Audrey, Advanced Nurse Practitioner and dialysis ‘shared care’ advocate

My name is Audrey Hyde; many of you may have already come across me as I’ve been around the renal services for many years. Back in 1986 I requested a transfer onto the dialysis unit to see if I would like working in this speciality. Back then haemodialysis units were what we now describe as home training units, everyone starting their life on dialysis by training how to manage their own dialysis and regain their independence. I immediately knew this was where I wanted to be, the pride I experienced in supporting someone to regain control of their lives was immense.

My roles since then have changed so many times, as has the way we offer haemodialysis but I remain enthusiastic that we can strive to make a positive impact on the lives of people carrying the burden of chronic kidney disease.

To that end I decided to undergo additional training and returned to university to complete a master’s degree in something called “advanced practice”. This is the hardest thing I’ve ever done as it involved working alongside my medical colleagues and learning to systematically review patient’s conditions and formulate treatment plans where appropriate.

Since I qualified as an Advanced Nurse Practitioner (ANP) in September 2010 I have worked at Salford on the haemodialysis unit. My role involves providing regular reviews of the patients, modifying and prescribing treatments where it is appropriate in order to optimise patient wellbeing. I have been actively involved in ensuring all patients attending Salford unit for their dialysis are given the opportunity to be listed for transplant, if they are well enough. I regularly refer patients to other specialities for their specialist advice and update GP’s of patient’s current situation and modifications in treatment. The best bit I feel about my job is that I am fortunate enough to be given the time to speak to my patients, I’m not busy trying to put 5 or 6 patients onto dialysis, instead, I can pull up a chair, be a shoulder to cry on, someone to off load to and can then try to address some of the frustrations or anxieties in their care.

I see my role as the glue between the nursing staff and the medical staff and hopefully bridging the gaps that were previously there.

I also work in Salford outpatient clinics forming a part of the Monday Advanced Kidney care (AKC’s) clinic team, which essentially is the last pre dialysis clinic patients attend prior to starting dialysis or getting their transplant. This I feel has helped patients starting dialysis to see a friendly, familiar face in a scary new place.

I remain passionate to this day about giving patients the ability to take control of their own lives as I am only too aware how chronic illness can take so much of this away. To this end I have been actively involved in developing the shared care programme at Salford. I understand that not everyone wants to, or can take complete control of their dialysis, but by joining in with their treatment, I feel it helps towards better understanding of the treatment and reduces the feeling of complete helplessness. We have found since developing the programme that several patients, who previously wanted no part in doing their own dialysis, after agreeing to ‘have a go’ at sharing in their care, have gone onto complete independence and at least 3 of these patients are now dialysing at home. We can boast to now having 28% of all Salford HD patients participating in shared care and 15% completely independent at preparing their dialysis. This means that they can get on dialysis quicker as when their nurse is available to put them onto their dialysis; it is already setup and ready to go.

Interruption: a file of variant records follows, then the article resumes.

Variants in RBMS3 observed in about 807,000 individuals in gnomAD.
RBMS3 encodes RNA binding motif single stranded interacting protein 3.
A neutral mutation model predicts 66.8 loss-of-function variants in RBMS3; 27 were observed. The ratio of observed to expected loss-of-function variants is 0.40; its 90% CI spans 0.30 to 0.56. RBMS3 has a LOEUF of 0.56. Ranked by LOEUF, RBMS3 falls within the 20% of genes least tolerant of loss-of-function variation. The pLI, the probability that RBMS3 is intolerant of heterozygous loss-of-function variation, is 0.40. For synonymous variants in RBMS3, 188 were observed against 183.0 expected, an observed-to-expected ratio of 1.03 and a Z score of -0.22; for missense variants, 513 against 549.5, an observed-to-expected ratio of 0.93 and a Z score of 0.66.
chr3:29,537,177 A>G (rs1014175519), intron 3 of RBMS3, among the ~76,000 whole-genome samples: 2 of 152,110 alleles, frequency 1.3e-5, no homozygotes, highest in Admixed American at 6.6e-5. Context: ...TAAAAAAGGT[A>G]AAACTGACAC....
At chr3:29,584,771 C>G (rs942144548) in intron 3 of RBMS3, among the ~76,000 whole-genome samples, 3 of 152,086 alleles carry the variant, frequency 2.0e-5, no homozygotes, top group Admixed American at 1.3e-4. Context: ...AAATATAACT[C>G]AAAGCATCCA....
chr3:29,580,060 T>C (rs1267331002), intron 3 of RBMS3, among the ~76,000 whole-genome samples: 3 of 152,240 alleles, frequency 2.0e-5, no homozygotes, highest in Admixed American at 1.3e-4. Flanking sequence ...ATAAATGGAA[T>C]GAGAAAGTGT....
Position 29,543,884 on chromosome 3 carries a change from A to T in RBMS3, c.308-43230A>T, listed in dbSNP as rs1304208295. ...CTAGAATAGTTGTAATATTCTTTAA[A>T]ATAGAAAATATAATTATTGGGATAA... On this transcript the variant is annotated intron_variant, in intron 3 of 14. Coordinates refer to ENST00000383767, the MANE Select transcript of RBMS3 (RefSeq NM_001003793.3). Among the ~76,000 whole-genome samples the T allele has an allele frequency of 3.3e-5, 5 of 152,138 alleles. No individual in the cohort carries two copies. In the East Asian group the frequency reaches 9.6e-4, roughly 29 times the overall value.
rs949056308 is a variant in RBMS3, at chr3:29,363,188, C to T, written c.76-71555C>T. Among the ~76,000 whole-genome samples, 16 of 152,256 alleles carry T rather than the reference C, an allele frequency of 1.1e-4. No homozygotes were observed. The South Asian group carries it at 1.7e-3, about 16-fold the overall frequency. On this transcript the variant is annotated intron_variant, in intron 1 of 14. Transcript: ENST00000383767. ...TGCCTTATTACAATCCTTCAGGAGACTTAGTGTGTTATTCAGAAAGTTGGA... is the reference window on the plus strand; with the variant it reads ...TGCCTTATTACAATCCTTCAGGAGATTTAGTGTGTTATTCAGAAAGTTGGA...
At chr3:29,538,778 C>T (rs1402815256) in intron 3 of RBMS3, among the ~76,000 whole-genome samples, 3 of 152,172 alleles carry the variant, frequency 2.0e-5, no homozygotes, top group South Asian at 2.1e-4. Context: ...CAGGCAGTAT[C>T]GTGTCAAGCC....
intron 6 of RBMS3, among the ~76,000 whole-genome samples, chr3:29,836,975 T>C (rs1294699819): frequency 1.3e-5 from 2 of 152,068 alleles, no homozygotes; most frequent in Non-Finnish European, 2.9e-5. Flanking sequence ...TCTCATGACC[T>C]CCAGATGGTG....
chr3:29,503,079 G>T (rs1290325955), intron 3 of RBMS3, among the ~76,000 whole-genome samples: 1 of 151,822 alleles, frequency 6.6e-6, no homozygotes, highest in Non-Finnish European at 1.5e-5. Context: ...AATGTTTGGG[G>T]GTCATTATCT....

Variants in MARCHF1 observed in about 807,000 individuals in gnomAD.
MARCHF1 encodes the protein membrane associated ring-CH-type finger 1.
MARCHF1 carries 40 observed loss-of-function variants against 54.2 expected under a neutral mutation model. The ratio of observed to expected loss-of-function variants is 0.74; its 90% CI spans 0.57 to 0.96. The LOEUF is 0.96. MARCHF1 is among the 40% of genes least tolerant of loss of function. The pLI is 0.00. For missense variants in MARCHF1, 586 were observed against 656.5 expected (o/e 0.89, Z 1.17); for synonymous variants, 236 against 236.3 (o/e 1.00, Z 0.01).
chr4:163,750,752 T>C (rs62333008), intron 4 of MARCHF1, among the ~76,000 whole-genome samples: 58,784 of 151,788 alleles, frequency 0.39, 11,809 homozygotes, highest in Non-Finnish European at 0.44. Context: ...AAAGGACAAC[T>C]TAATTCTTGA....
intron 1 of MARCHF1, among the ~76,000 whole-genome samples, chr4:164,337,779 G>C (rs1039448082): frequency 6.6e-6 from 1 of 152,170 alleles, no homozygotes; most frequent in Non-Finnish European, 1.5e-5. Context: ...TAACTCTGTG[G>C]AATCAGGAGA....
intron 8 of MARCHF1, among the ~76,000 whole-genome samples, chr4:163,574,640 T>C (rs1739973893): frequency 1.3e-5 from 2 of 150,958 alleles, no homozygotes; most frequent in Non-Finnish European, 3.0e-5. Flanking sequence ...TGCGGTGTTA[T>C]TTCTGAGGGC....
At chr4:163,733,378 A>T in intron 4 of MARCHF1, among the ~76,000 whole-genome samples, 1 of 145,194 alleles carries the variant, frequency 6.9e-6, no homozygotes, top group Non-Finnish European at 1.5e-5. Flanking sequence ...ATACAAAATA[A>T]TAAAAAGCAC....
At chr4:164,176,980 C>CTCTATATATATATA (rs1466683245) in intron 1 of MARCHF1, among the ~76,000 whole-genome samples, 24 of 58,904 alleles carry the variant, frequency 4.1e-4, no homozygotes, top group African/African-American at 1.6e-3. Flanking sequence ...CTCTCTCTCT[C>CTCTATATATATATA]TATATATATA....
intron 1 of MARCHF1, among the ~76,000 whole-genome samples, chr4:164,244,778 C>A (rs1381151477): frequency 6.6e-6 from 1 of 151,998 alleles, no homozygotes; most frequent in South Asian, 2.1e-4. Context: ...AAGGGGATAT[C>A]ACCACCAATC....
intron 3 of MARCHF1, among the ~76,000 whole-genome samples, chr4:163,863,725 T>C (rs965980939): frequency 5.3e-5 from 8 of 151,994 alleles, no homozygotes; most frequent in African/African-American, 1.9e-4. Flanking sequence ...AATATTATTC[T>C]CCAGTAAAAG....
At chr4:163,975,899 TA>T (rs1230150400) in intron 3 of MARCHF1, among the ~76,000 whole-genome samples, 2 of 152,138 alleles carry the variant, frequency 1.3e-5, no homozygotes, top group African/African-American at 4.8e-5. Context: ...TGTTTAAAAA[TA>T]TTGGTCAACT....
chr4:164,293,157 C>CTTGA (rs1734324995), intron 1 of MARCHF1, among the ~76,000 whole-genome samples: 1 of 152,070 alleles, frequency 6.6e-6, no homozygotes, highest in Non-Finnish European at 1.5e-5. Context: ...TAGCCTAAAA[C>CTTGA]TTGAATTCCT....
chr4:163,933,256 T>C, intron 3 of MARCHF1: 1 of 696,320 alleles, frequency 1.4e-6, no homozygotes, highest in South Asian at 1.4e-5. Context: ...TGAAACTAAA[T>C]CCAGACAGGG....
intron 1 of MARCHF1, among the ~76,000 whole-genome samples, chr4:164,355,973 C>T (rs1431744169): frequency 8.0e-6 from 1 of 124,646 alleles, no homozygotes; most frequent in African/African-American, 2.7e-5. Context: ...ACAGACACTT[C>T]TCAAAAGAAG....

As from 19/11/2015 I will be splitting my time between Salford and Bolton units as Bolton has grown in size over the last year. I hope to replicate what I do at Salford and to further develop the shared care experience for patients attending Bolton renal unit.

I am really looking forward to working with a new team, both staff and patients and if you see me on either of the units or in clinic and we’ve not met before, please stop me and say hello.


Audrey Hyde

Advanced Nurse Practitioner


One thought on “Audrey, Advanced Nurse Practitioner and dialysis ‘shared care’ advocate”

  • Thank you for writing this Audrey. At a time when the NHS is treated like a political punch-bag it’s reassuring to read of your commitment to and care for your patients. Your work encouraging dialysis patients to regain some control of their lives by exploring self-care options is to be applauded.

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